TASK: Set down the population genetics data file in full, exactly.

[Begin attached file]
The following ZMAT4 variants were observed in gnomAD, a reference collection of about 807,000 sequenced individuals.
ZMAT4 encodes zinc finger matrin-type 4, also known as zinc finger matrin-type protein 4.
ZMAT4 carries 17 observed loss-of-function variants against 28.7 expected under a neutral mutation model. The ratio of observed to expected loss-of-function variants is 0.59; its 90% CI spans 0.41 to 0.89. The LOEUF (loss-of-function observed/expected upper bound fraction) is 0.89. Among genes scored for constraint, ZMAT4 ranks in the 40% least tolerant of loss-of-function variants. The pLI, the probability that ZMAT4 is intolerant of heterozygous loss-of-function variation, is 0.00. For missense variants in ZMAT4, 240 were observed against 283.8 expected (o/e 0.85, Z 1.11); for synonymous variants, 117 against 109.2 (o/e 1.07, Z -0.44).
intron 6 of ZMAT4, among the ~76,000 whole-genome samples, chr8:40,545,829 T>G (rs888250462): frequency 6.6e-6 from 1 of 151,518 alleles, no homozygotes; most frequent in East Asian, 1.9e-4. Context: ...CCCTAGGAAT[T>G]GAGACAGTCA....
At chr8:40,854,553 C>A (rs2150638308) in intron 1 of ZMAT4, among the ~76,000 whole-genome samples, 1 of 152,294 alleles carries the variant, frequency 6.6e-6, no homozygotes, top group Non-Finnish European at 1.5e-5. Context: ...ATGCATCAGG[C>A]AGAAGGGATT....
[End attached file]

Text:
The following ZMAT4 variants were observed in gnomAD, a reference collection of about 807,000 sequenced individuals.
ZMAT4 encodes zinc finger matrin-type 4, also known as zinc finger matrin-type protein 4.
ZMAT4 carries 17 observed loss-of-function variants against 28.7 expected under a neutral mutation model. The ratio of observed to expected loss-of-function variants is 0.59; its 90% CI spans 0.41 to 0.89. The LOEUF (loss-of-function observed/expected upper bound fraction) is 0.89. Among genes scored for constraint, ZMAT4 ranks in the 40% least tolerant of loss-of-function variants. The pLI, the probability that ZMAT4 is intolerant of heterozygous loss-of-function variation, is 0.00. For missense variants in ZMAT4, 240 were observed against 283.8 expected (o/e 0.85, Z 1.11); for synonymous variants, 117 against 109.2 (o/e 1.07, Z -0.44).
intron 6 of ZMAT4, among the ~76,000 whole-genome samples, chr8:40,545,829 T>G (rs888250462): frequency 6.6e-6 from 1 of 151,518 alleles, no homozygotes; most frequent in East Asian, 1.9e-4. Context: ...CCCTAGGAAT[T>G]GAGACAGTCA....
At chr8:40,854,553 C>A (rs2150638308) in intron 1 of ZMAT4, among the ~76,000 whole-genome samples, 1 of 152,294 alleles carries the variant, frequency 6.6e-6, no homozygotes, top group Non-Finnish European at 1.5e-5. Context: ...ATGCATCAGG[C>A]AGAAGGGATT....